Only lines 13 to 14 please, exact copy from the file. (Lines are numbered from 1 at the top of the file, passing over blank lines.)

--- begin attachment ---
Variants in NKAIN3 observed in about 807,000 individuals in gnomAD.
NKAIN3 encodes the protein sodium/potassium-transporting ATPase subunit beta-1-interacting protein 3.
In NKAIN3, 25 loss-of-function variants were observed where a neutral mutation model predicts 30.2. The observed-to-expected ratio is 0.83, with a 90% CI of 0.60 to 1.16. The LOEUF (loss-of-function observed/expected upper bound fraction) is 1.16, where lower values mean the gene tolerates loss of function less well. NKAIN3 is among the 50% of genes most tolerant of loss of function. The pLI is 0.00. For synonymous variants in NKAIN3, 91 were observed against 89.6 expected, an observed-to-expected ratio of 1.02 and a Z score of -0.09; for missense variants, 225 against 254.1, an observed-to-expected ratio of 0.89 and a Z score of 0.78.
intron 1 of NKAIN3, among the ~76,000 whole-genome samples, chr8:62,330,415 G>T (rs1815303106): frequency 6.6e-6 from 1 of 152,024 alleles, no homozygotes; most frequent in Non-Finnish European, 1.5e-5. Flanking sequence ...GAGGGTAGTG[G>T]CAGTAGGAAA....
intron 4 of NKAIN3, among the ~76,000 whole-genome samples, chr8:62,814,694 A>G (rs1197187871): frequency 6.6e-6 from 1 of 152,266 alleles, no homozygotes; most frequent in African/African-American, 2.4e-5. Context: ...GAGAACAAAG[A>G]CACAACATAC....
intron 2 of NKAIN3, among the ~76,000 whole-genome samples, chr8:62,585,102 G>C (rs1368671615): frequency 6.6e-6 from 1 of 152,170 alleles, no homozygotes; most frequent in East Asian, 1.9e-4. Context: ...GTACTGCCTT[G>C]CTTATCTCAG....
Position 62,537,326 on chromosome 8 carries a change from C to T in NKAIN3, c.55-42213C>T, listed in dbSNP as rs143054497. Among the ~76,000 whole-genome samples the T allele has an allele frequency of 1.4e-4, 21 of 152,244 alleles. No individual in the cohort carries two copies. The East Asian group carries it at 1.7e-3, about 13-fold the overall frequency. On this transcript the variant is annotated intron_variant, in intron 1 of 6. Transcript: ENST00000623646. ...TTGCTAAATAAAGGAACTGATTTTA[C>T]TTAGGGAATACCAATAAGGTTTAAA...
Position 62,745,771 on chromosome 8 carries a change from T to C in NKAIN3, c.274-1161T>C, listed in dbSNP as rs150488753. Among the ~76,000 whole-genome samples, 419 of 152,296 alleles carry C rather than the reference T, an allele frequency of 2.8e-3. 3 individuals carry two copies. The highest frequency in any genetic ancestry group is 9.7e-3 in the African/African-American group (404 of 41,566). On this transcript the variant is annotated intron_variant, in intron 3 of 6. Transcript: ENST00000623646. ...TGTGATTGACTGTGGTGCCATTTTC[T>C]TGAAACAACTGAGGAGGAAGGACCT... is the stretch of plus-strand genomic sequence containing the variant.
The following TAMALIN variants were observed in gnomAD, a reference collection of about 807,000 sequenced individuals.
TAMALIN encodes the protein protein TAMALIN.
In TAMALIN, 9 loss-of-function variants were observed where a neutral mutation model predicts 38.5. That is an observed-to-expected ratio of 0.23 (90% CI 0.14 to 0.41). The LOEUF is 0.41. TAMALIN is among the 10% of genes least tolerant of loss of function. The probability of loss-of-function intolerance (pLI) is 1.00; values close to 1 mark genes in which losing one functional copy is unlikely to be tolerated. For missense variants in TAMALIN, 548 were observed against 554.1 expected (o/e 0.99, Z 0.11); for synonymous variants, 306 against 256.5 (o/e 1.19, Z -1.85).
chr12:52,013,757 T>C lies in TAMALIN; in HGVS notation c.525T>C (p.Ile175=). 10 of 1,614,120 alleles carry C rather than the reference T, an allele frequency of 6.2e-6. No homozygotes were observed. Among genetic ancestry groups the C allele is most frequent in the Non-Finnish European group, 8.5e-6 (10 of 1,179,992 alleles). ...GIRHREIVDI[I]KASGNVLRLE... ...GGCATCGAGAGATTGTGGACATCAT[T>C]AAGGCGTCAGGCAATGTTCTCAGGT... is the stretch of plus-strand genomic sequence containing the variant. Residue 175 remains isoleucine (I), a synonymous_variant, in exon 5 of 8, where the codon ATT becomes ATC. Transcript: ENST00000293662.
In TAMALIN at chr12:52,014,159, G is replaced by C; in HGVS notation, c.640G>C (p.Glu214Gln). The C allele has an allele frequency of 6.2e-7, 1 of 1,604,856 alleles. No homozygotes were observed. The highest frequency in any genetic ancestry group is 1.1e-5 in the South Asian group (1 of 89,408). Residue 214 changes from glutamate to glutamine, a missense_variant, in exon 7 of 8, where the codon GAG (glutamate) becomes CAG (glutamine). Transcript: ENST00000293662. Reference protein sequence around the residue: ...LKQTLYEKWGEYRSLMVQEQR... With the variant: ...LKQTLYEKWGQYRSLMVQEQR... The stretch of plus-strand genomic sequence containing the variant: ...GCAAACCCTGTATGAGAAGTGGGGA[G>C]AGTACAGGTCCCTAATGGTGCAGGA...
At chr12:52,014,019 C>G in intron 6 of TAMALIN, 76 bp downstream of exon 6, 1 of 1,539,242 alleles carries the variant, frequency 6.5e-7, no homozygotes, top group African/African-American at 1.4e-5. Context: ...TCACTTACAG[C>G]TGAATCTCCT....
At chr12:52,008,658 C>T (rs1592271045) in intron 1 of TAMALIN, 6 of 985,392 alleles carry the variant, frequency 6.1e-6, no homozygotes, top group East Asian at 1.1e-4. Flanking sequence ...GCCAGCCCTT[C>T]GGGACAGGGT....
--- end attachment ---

In TAMALIN at chr12:52,014,159, G is replaced by C; in HGVS notation, c.640G>C (p.Glu214Gln). The C allele has an allele frequency of 6.2e-7, 1 of 1,604,856 alleles. No homozygotes were observed. The highest frequency in any genetic ancestry group is 1.1e-5 in the South Asian group (1 of 89,408). Residue 214 changes from glutamate to glutamine, a missense_variant, in exon 7 of 8, where the codon GAG (glutamate) becomes CAG (glutamine). Transcript: ENST00000293662. Reference protein sequence around the residue: ...LKQTLYEKWGEYRSLMVQEQR... With the variant: ...LKQTLYEKWGQYRSLMVQEQR... The stretch of plus-strand genomic sequence containing the variant: ...GCAAACCCTGTATGAGAAGTGGGGA[G>C]AGTACAGGTCCCTAATGGTGCAGGA...
At chr12:52,014,019 C>G in intron 6 of TAMALIN, 76 bp downstream of exon 6, 1 of 1,539,242 alleles carries the variant, frequency 6.5e-7, no homozygotes, top group African/African-American at 1.4e-5. Context: ...TCACTTACAG[C>G]TGAATCTCCT....